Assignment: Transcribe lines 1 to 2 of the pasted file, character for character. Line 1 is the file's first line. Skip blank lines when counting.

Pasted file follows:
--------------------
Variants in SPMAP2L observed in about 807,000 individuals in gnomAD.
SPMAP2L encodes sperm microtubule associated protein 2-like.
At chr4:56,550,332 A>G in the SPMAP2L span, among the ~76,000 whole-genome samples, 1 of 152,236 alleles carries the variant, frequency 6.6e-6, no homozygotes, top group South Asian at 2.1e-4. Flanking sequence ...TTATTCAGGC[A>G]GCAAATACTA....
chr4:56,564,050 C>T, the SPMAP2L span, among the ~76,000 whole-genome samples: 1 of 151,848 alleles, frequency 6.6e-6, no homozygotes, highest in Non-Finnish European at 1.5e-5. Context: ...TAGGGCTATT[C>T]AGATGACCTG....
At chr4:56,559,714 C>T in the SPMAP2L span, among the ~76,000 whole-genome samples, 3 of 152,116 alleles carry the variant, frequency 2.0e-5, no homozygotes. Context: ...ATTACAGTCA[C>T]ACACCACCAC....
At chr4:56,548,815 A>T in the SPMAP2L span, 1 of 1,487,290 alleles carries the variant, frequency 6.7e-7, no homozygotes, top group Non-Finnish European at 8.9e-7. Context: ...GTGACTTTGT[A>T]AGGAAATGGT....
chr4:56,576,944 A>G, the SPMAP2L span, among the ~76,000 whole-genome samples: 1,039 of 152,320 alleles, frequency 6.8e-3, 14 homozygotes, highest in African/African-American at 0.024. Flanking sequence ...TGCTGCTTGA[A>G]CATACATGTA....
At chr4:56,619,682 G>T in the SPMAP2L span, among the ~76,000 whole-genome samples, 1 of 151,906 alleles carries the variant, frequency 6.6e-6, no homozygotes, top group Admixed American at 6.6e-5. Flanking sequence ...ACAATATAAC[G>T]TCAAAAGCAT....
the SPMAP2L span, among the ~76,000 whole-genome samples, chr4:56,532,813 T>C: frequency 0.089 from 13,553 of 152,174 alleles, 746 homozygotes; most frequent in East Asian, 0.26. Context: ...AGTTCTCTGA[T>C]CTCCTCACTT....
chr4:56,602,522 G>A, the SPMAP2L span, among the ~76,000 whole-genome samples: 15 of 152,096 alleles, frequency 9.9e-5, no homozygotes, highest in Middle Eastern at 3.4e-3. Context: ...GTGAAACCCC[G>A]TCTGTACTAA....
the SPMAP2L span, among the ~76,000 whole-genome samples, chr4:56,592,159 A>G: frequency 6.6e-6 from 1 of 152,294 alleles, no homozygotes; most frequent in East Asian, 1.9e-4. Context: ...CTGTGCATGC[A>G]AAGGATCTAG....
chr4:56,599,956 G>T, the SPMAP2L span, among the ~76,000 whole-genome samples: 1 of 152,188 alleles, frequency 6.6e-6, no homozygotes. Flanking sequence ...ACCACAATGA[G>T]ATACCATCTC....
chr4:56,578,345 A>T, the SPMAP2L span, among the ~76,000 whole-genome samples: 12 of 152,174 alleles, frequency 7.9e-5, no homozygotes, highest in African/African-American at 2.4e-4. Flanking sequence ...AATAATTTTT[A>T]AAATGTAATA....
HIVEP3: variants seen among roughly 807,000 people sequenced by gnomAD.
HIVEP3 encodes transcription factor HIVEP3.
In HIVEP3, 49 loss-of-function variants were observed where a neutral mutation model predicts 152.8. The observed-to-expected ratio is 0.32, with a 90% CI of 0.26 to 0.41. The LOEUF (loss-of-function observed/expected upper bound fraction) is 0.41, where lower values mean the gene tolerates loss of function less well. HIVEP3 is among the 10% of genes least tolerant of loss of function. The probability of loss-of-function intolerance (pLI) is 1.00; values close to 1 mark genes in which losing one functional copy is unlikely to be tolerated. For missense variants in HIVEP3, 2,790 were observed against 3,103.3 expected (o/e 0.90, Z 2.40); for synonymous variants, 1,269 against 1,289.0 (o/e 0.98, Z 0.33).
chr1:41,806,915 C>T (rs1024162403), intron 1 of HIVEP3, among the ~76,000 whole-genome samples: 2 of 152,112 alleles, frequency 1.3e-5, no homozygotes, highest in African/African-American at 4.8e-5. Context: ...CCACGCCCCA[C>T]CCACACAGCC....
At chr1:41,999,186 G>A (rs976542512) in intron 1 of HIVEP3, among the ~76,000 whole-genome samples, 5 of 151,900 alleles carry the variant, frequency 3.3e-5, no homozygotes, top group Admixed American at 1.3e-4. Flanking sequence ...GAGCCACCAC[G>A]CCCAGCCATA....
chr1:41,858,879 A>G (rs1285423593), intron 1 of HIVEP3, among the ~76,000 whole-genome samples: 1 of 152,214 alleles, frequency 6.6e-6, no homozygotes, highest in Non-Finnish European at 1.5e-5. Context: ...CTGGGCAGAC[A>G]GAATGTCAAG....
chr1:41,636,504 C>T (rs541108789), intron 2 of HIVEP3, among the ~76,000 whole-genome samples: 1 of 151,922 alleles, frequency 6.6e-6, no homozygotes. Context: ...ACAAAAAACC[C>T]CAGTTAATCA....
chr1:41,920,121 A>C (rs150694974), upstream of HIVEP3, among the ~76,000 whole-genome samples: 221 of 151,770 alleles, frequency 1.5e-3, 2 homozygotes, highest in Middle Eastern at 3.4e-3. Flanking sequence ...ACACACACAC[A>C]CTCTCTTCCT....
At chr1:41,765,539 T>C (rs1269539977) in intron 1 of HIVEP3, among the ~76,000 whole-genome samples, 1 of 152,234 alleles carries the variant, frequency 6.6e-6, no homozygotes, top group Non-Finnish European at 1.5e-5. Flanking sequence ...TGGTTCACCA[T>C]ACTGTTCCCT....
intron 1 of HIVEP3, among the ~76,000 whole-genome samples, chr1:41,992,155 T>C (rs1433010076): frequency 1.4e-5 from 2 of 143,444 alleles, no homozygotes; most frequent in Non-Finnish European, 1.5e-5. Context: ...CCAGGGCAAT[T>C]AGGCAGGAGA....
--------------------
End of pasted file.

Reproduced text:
Variants in SPMAP2L observed in about 807,000 individuals in gnomAD.
SPMAP2L encodes sperm microtubule associated protein 2-like.